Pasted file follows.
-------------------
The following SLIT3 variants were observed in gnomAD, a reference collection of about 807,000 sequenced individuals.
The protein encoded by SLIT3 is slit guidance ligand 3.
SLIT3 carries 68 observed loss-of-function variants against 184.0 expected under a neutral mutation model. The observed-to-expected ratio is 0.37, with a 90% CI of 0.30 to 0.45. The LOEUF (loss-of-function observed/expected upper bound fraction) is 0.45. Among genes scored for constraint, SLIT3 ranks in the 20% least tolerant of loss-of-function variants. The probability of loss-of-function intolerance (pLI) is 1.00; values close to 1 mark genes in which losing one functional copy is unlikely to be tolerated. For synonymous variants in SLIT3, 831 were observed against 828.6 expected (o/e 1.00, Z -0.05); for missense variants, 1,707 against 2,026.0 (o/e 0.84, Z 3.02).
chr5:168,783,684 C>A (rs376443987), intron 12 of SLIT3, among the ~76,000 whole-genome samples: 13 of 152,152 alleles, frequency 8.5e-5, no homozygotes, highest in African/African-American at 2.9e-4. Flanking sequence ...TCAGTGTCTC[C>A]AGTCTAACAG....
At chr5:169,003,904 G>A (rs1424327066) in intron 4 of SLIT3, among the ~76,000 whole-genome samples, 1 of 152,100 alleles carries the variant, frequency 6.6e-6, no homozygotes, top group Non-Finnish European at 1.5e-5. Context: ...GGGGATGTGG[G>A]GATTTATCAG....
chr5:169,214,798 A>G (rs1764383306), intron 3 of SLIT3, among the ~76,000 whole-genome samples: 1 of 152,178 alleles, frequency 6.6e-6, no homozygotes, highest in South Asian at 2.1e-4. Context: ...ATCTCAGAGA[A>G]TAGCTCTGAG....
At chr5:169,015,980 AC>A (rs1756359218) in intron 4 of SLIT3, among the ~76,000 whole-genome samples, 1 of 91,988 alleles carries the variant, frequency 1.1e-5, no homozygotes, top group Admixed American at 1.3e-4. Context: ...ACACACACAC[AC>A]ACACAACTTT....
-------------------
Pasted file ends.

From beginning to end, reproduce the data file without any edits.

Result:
The following SLIT3 variants were observed in gnomAD, a reference collection of about 807,000 sequenced individuals.
The protein encoded by SLIT3 is slit guidance ligand 3.
SLIT3 carries 68 observed loss-of-function variants against 184.0 expected under a neutral mutation model. The observed-to-expected ratio is 0.37, with a 90% CI of 0.30 to 0.45. The LOEUF (loss-of-function observed/expected upper bound fraction) is 0.45. Among genes scored for constraint, SLIT3 ranks in the 20% least tolerant of loss-of-function variants. The probability of loss-of-function intolerance (pLI) is 1.00; values close to 1 mark genes in which losing one functional copy is unlikely to be tolerated. For synonymous variants in SLIT3, 831 were observed against 828.6 expected (o/e 1.00, Z -0.05); for missense variants, 1,707 against 2,026.0 (o/e 0.84, Z 3.02).
chr5:168,783,684 C>A (rs376443987), intron 12 of SLIT3, among the ~76,000 whole-genome samples: 13 of 152,152 alleles, frequency 8.5e-5, no homozygotes, highest in African/African-American at 2.9e-4. Flanking sequence ...TCAGTGTCTC[C>A]AGTCTAACAG....
At chr5:169,003,904 G>A (rs1424327066) in intron 4 of SLIT3, among the ~76,000 whole-genome samples, 1 of 152,100 alleles carries the variant, frequency 6.6e-6, no homozygotes, top group Non-Finnish European at 1.5e-5. Context: ...GGGGATGTGG[G>A]GATTTATCAG....
chr5:169,214,798 A>G (rs1764383306), intron 3 of SLIT3, among the ~76,000 whole-genome samples: 1 of 152,178 alleles, frequency 6.6e-6, no homozygotes, highest in South Asian at 2.1e-4. Context: ...ATCTCAGAGA[A>G]TAGCTCTGAG....
At chr5:169,015,980 AC>A (rs1756359218) in intron 4 of SLIT3, among the ~76,000 whole-genome samples, 1 of 91,988 alleles carries the variant, frequency 1.1e-5, no homozygotes, top group Admixed American at 1.3e-4. Context: ...ACACACACAC[AC>A]ACACAACTTT....